Germans recognized for work
Monday, January 26,
BERLIN -- On the day
Germans come together to remember Nazi atrocities, an American Jew arrived
in Berlin from Boston to thank some Germans for their acts of kindness.
Tuesday marks the
59th year since the Auschwitz-Birkenau concentration camp complex - where
more than 1.5 million people perished, 90 percent of them Jewish - was
liberated by advancing Soviet troops on January 27, 1949. Since 1996,
the day has been set aside for Germans remember the crimes committed in
a Jewish American whose four grandparents were all German, said it was
the perfect day to recognize six Germans who have helped to keep the memory
of Jews in Germany alive.
While searching for
his German roots, he met people who fought to preserve the Jewish history
in their own communities and wanted to bring attention to their efforts,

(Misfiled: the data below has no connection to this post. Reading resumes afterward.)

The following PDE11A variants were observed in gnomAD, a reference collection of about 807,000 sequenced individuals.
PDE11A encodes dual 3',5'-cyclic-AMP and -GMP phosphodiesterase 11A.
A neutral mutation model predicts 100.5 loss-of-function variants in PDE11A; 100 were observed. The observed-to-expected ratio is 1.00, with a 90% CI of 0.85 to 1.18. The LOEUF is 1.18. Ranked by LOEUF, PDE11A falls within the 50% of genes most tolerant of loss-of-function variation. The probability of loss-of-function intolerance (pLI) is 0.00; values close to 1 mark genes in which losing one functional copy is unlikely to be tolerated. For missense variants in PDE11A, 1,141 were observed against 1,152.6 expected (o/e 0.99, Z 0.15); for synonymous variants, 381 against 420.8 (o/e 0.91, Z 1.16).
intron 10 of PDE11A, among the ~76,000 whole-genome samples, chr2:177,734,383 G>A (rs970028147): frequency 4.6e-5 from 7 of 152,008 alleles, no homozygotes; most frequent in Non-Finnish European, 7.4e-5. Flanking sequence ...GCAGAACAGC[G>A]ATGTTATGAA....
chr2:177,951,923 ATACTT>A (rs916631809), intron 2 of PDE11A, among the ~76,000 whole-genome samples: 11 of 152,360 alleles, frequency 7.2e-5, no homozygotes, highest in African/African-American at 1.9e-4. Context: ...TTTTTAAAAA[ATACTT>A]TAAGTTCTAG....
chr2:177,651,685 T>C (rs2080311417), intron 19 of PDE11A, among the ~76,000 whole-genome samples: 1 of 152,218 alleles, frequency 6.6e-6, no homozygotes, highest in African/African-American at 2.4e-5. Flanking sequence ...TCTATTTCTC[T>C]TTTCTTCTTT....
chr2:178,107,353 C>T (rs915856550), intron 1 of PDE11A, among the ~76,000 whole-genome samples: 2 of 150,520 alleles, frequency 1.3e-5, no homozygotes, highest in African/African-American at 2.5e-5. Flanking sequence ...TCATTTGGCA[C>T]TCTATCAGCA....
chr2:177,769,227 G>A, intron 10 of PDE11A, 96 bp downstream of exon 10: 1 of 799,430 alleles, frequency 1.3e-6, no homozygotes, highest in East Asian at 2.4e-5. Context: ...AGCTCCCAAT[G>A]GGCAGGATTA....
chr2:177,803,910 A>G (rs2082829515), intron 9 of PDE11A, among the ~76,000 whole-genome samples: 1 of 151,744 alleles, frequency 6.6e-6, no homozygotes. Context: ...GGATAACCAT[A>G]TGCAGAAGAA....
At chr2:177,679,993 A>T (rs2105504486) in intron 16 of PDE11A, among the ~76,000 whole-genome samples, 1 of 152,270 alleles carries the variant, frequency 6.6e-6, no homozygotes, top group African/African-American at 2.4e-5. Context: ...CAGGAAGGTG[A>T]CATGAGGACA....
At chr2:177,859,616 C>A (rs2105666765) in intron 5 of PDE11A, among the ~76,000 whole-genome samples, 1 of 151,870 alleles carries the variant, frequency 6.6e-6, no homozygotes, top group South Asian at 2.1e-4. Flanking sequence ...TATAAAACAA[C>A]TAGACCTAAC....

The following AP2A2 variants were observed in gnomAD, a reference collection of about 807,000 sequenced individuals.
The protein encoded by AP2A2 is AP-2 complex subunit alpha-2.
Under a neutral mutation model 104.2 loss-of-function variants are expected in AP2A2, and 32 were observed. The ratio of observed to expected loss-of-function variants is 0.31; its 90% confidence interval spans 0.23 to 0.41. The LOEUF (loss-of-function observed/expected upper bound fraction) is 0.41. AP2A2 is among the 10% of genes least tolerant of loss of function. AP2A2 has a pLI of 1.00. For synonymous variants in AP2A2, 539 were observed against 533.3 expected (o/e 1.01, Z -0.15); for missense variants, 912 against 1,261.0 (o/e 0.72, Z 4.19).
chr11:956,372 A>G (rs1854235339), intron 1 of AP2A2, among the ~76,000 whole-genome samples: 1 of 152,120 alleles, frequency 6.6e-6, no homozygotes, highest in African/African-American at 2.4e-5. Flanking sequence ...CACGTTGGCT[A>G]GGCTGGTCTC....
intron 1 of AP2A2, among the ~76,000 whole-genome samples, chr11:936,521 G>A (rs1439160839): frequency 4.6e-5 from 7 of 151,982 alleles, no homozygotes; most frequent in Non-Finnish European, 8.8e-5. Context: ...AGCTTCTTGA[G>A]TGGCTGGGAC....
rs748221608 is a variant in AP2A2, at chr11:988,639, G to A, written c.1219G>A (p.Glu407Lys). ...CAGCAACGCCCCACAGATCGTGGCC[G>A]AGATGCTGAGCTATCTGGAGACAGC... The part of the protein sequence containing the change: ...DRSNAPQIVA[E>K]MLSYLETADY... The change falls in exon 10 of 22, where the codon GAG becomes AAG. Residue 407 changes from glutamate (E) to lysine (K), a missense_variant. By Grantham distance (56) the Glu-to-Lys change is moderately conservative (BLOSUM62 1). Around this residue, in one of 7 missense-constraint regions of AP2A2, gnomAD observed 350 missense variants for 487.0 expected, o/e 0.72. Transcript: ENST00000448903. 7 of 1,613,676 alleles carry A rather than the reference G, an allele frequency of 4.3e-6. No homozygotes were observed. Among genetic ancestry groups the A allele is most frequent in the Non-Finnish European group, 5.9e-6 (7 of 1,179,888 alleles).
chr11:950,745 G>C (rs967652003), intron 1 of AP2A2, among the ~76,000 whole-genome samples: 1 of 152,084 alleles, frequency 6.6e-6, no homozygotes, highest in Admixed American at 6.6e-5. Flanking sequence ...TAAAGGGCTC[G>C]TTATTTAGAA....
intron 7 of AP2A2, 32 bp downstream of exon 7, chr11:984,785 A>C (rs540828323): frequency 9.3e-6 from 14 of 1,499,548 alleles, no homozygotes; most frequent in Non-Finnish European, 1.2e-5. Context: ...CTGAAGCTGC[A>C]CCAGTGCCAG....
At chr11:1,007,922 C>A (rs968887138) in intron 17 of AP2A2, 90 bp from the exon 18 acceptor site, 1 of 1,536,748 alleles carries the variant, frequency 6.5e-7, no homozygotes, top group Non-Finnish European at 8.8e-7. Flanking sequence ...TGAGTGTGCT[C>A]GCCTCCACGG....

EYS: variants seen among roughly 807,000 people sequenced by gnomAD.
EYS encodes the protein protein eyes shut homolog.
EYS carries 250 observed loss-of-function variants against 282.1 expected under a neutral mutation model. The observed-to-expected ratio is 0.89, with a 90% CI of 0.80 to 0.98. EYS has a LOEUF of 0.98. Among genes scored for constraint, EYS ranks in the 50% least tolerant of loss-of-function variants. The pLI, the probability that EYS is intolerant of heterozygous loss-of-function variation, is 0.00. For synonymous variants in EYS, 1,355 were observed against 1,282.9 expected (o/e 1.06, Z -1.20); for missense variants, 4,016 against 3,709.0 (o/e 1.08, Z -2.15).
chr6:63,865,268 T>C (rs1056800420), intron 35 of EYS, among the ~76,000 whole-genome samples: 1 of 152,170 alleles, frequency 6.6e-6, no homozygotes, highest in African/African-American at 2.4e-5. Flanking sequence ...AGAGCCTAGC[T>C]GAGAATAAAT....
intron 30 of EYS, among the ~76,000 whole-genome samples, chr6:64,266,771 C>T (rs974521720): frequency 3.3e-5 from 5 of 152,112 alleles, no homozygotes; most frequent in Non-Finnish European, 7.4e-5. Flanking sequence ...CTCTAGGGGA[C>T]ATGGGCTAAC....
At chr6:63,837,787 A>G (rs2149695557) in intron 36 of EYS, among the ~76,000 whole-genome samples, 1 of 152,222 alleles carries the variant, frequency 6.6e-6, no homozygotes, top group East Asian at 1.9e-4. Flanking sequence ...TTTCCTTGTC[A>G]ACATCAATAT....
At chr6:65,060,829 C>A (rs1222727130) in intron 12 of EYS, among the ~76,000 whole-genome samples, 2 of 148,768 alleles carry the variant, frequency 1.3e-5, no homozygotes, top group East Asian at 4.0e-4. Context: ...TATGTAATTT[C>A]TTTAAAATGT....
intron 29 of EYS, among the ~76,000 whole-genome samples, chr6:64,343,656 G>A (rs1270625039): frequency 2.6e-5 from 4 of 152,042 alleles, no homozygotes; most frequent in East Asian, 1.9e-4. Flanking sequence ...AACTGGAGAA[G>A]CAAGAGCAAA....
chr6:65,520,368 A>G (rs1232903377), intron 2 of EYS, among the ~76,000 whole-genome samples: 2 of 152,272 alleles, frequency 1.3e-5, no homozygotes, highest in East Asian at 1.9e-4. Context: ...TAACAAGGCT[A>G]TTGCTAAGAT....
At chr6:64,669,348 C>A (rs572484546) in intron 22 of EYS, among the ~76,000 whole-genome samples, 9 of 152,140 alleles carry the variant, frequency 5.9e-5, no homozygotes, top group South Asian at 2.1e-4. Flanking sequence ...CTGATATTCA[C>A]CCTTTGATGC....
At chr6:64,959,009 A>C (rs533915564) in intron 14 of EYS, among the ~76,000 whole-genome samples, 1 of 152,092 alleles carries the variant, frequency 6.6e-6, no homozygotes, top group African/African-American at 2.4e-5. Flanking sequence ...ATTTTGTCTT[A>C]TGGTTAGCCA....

Obermayer told The Associated Press in a telephone interview Monday.
"I found there
were people who felt the only thing they could do personally to make up
for a terrible history was to record and preserve, to do work related
to Jewish history in their own communities," he said.
is one of the people to receive an Obermayer German Jewish History Award.
In her town of 13,000, Breisach am Rhein near the French border, she spearheaded
an effort to save a historic Jewish school from destruction and plans
to create an educational center on Jews and other minorities.
confronted with this discussion in Germany, with the ongoing anti-Semitism,
which you can sense in our town. It made me decide to get involved,"
she said. "I thought it would be worthwhile to
try in such a small town to reach out to people, to bring back the stories
of the 250 Jews who lived there in 1933."
Other people being
recognized include a Hamburg man who created a huge genealogical database
to assist Jews seeking relatives; a Berlin man who recovered Jewish gravestones
that had been used to build staircases, and the creators of a museum of
Jewish-German history in Wiesbaden.
Germany marks national
Holocaust day with speeches, visits to cemeteries, class lessons, and
tours through former concentration camps.